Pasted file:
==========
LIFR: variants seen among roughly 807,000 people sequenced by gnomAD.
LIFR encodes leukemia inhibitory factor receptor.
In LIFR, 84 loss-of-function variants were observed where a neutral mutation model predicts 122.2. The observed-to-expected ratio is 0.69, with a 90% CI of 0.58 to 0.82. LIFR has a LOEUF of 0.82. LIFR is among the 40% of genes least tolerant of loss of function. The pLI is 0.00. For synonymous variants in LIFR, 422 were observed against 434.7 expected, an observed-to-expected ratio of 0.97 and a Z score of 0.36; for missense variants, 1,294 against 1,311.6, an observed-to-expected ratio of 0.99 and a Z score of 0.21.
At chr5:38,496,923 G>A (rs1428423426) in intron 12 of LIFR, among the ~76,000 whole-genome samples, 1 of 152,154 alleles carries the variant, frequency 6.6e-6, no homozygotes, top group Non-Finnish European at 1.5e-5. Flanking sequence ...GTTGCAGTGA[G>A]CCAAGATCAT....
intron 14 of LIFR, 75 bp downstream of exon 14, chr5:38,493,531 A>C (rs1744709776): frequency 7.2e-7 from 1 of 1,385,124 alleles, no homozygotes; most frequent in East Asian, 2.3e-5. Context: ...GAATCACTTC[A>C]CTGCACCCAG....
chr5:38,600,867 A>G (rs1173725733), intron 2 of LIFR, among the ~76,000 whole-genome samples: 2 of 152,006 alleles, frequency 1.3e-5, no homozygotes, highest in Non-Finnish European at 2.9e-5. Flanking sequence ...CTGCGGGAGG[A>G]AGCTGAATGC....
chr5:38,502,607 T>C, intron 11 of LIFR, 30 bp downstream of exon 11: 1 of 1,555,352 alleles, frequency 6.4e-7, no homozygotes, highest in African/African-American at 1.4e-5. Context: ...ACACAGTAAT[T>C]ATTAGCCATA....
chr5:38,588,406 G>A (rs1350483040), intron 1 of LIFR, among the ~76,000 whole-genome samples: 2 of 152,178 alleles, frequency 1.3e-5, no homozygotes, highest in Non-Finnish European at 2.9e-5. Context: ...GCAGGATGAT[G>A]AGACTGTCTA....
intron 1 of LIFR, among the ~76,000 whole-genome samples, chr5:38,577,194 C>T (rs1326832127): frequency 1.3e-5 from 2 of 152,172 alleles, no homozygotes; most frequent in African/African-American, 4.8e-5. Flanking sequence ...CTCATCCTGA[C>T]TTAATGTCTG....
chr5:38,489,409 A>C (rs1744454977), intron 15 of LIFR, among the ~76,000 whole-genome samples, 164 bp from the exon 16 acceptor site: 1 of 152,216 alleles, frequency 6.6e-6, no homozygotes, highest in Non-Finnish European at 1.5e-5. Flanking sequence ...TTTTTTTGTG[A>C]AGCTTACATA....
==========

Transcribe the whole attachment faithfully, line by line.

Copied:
LIFR: variants seen among roughly 807,000 people sequenced by gnomAD.
LIFR encodes leukemia inhibitory factor receptor.
In LIFR, 84 loss-of-function variants were observed where a neutral mutation model predicts 122.2. The observed-to-expected ratio is 0.69, with a 90% CI of 0.58 to 0.82. LIFR has a LOEUF of 0.82. LIFR is among the 40% of genes least tolerant of loss of function. The pLI is 0.00. For synonymous variants in LIFR, 422 were observed against 434.7 expected, an observed-to-expected ratio of 0.97 and a Z score of 0.36; for missense variants, 1,294 against 1,311.6, an observed-to-expected ratio of 0.99 and a Z score of 0.21.
At chr5:38,496,923 G>A (rs1428423426) in intron 12 of LIFR, among the ~76,000 whole-genome samples, 1 of 152,154 alleles carries the variant, frequency 6.6e-6, no homozygotes, top group Non-Finnish European at 1.5e-5. Flanking sequence ...GTTGCAGTGA[G>A]CCAAGATCAT....
intron 14 of LIFR, 75 bp downstream of exon 14, chr5:38,493,531 A>C (rs1744709776): frequency 7.2e-7 from 1 of 1,385,124 alleles, no homozygotes; most frequent in East Asian, 2.3e-5. Context: ...GAATCACTTC[A>C]CTGCACCCAG....
chr5:38,600,867 A>G (rs1173725733), intron 2 of LIFR, among the ~76,000 whole-genome samples: 2 of 152,006 alleles, frequency 1.3e-5, no homozygotes, highest in Non-Finnish European at 2.9e-5. Flanking sequence ...CTGCGGGAGG[A>G]AGCTGAATGC....
chr5:38,502,607 T>C, intron 11 of LIFR, 30 bp downstream of exon 11: 1 of 1,555,352 alleles, frequency 6.4e-7, no homozygotes, highest in African/African-American at 1.4e-5. Context: ...ACACAGTAAT[T>C]ATTAGCCATA....
chr5:38,588,406 G>A (rs1350483040), intron 1 of LIFR, among the ~76,000 whole-genome samples: 2 of 152,178 alleles, frequency 1.3e-5, no homozygotes, highest in Non-Finnish European at 2.9e-5. Context: ...GCAGGATGAT[G>A]AGACTGTCTA....
intron 1 of LIFR, among the ~76,000 whole-genome samples, chr5:38,577,194 C>T (rs1326832127): frequency 1.3e-5 from 2 of 152,172 alleles, no homozygotes; most frequent in African/African-American, 4.8e-5. Flanking sequence ...CTCATCCTGA[C>T]TTAATGTCTG....
chr5:38,489,409 A>C (rs1744454977), intron 15 of LIFR, among the ~76,000 whole-genome samples, 164 bp from the exon 16 acceptor site: 1 of 152,216 alleles, frequency 6.6e-6, no homozygotes, highest in Non-Finnish European at 1.5e-5. Flanking sequence ...TTTTTTTGTG[A>C]AGCTTACATA....